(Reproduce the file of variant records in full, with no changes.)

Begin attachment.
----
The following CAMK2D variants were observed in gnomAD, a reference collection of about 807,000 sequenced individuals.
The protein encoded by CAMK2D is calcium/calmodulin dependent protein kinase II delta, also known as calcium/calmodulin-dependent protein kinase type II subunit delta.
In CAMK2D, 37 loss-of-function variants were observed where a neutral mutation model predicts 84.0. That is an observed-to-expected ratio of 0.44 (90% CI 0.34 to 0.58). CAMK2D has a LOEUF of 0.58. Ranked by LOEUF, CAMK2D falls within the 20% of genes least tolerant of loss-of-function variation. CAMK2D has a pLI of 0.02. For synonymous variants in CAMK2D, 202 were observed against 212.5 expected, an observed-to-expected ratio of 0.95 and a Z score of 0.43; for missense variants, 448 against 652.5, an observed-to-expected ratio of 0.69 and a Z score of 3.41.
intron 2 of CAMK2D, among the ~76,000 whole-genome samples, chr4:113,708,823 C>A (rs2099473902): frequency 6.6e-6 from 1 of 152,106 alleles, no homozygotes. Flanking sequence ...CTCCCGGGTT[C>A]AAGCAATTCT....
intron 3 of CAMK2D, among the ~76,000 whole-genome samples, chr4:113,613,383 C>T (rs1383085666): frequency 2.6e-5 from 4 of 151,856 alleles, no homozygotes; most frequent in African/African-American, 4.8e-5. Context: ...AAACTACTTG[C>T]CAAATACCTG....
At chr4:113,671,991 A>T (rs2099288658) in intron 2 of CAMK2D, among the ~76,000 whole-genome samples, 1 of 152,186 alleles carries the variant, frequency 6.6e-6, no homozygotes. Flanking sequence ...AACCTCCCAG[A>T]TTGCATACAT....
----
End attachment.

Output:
The following CAMK2D variants were observed in gnomAD, a reference collection of about 807,000 sequenced individuals.
The protein encoded by CAMK2D is calcium/calmodulin dependent protein kinase II delta, also known as calcium/calmodulin-dependent protein kinase type II subunit delta.
In CAMK2D, 37 loss-of-function variants were observed where a neutral mutation model predicts 84.0. That is an observed-to-expected ratio of 0.44 (90% CI 0.34 to 0.58). CAMK2D has a LOEUF of 0.58. Ranked by LOEUF, CAMK2D falls within the 20% of genes least tolerant of loss-of-function variation. CAMK2D has a pLI of 0.02. For synonymous variants in CAMK2D, 202 were observed against 212.5 expected, an observed-to-expected ratio of 0.95 and a Z score of 0.43; for missense variants, 448 against 652.5, an observed-to-expected ratio of 0.69 and a Z score of 3.41.
intron 2 of CAMK2D, among the ~76,000 whole-genome samples, chr4:113,708,823 C>A (rs2099473902): frequency 6.6e-6 from 1 of 152,106 alleles, no homozygotes. Flanking sequence ...CTCCCGGGTT[C>A]AAGCAATTCT....
intron 3 of CAMK2D, among the ~76,000 whole-genome samples, chr4:113,613,383 C>T (rs1383085666): frequency 2.6e-5 from 4 of 151,856 alleles, no homozygotes; most frequent in African/African-American, 4.8e-5. Context: ...AAACTACTTG[C>T]CAAATACCTG....
At chr4:113,671,991 A>T (rs2099288658) in intron 2 of CAMK2D, among the ~76,000 whole-genome samples, 1 of 152,186 alleles carries the variant, frequency 6.6e-6, no homozygotes. Flanking sequence ...AACCTCCCAG[A>T]TTGCATACAT....